Page last updated at 04:57 GMT, Wednesday, 26 November 2008

Apple made to drop iPhone advert

Apple iPhone
The advert compared the iPhone's 3G and 2G models

An Apple iPhone advert has been banned by the advertising standards watchdog for exaggerating the phone's speed.

The advert boasted the new 3G model was "really fast" and showed it loading internet pages in under a second.

The Advertising Standards Authority (ASA) upheld complaints by 17 people who said the TV advert had misled them as to its speed.

Apple UK said it was comparing the 3G model with its 2G predecessor and its claims were "relative not absolute".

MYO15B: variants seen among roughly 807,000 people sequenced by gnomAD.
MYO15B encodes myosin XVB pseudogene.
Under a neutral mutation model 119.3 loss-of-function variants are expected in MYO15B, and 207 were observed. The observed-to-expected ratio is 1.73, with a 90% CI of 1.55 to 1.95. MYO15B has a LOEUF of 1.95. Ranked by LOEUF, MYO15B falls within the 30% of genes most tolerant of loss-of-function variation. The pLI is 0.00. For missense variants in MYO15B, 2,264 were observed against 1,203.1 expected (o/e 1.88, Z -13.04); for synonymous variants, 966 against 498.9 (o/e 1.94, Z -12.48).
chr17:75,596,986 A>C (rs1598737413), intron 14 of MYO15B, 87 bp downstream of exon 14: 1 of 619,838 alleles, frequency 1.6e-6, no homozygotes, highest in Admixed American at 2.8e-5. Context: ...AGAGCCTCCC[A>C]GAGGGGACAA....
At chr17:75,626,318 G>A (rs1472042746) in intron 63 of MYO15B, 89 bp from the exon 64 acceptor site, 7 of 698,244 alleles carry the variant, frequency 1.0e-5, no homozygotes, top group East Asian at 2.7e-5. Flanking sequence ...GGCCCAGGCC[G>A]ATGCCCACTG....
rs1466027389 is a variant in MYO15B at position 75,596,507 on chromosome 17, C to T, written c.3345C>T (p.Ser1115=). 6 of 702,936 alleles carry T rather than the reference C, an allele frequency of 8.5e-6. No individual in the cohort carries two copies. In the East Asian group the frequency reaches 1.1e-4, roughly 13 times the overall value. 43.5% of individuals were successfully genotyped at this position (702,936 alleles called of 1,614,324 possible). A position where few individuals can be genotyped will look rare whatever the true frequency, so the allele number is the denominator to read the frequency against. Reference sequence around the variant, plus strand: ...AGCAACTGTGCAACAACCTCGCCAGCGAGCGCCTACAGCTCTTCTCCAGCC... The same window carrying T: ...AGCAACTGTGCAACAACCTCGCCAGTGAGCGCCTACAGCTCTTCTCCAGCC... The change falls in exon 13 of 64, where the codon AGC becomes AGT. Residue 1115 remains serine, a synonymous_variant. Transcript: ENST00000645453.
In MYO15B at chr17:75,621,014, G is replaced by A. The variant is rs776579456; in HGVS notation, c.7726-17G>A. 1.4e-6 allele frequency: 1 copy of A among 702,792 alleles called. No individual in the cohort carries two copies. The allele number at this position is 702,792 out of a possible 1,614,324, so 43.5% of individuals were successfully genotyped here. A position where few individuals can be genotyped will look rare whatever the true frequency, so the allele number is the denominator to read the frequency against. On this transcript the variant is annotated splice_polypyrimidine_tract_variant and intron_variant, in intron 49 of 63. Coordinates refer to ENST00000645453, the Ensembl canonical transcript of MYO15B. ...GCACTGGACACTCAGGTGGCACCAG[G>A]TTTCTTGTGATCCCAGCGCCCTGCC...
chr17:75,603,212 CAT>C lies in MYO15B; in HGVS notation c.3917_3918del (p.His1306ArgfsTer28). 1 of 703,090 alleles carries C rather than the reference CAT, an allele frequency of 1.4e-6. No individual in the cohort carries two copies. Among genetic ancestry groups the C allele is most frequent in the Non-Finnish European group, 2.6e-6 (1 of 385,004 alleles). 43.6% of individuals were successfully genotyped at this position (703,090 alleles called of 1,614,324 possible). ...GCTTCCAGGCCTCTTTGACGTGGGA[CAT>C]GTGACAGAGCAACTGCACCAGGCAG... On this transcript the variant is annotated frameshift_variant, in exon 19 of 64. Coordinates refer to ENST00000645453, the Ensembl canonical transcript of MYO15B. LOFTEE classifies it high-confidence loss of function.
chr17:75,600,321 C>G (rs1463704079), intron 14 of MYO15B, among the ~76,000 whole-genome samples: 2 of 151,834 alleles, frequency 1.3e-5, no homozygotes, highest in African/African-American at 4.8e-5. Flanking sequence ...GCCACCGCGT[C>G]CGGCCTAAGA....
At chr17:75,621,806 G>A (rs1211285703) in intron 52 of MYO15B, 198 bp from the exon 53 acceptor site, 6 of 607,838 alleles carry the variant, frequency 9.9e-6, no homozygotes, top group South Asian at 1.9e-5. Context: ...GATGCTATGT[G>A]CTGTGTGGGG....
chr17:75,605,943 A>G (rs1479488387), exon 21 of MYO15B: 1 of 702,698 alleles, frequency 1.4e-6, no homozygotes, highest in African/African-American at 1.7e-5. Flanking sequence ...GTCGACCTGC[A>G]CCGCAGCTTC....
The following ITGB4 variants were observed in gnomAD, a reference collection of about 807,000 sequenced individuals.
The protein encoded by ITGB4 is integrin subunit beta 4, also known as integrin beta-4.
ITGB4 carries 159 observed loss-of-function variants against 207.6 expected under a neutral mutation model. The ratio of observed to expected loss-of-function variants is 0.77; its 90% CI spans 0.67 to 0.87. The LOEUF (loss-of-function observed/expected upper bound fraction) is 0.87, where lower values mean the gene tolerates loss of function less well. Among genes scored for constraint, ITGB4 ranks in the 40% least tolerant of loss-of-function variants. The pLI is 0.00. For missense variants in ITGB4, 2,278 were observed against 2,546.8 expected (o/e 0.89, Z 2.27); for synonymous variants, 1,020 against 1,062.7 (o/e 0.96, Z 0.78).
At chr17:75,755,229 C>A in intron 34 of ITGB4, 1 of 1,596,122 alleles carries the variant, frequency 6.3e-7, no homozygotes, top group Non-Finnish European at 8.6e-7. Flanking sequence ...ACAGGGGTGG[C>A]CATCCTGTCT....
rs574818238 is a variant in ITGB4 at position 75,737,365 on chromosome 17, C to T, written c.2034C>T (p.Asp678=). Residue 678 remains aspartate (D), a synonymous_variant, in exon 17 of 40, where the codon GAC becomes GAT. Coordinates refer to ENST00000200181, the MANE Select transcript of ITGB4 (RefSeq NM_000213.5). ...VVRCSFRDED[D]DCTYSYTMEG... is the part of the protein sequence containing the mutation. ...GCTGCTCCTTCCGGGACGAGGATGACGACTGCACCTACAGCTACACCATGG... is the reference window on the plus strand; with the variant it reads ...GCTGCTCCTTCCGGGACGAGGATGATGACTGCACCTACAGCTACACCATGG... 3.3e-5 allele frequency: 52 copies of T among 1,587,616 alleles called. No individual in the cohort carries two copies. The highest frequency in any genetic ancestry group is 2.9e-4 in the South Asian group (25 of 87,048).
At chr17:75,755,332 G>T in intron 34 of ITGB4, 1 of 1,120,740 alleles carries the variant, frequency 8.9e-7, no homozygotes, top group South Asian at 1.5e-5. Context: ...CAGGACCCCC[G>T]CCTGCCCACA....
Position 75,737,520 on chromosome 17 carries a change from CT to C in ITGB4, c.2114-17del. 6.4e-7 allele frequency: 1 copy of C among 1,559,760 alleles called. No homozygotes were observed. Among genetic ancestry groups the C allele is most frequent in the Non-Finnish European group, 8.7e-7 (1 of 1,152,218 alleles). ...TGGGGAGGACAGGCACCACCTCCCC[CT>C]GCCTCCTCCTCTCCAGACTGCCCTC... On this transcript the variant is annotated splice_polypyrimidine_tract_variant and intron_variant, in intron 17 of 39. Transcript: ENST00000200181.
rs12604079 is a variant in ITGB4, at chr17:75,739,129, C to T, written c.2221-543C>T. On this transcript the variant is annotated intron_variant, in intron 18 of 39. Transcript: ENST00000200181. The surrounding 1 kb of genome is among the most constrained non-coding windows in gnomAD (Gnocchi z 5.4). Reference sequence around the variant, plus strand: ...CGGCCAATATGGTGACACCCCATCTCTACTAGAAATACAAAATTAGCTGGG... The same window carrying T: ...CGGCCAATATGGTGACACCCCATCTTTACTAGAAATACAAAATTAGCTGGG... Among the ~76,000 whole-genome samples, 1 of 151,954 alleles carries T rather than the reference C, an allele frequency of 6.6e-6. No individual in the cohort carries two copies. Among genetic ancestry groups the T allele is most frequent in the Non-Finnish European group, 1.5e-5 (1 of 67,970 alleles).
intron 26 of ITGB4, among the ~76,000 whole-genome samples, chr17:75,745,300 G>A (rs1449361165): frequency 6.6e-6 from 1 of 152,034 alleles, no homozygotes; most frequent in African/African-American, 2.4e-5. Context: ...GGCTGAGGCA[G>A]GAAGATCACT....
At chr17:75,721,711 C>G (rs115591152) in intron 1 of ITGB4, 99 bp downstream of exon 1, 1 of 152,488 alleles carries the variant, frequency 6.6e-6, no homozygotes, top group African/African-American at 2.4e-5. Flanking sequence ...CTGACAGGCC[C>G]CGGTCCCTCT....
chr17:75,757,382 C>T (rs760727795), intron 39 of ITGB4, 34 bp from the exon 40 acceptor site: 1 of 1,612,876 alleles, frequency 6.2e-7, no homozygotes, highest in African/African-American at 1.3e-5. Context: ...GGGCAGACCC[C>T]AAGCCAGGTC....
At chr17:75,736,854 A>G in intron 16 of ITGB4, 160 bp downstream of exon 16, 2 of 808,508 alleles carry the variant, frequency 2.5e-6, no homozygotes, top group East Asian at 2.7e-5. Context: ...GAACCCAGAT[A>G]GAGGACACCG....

The advert repeatedly stated that the phone was "really fast" and showed news pages and the Google maps service taking just fractions of a second to appear.

Text on the screen said: "Network performance will vary by location."

After upholding the viewers' complaints, the ASA said the advert must not appear again in the same form.

It said the advert was likely to lead viewers to believe that the device actually operated at or near to the speeds shown in the advert.

The watchdog concluded: "Because we understood that it did not, we concluded that the ad was likely to mislead."

Apple said its claims were "relative rather than absolute in nature" - implying the 3G iPhone was "really fast" in comparison to the previous generation - and therefore the advert was not misleading.

The company also said the average consumer would realise the phone's performance would vary - a point they said was made clear by the text stating "network performance will vary by location".



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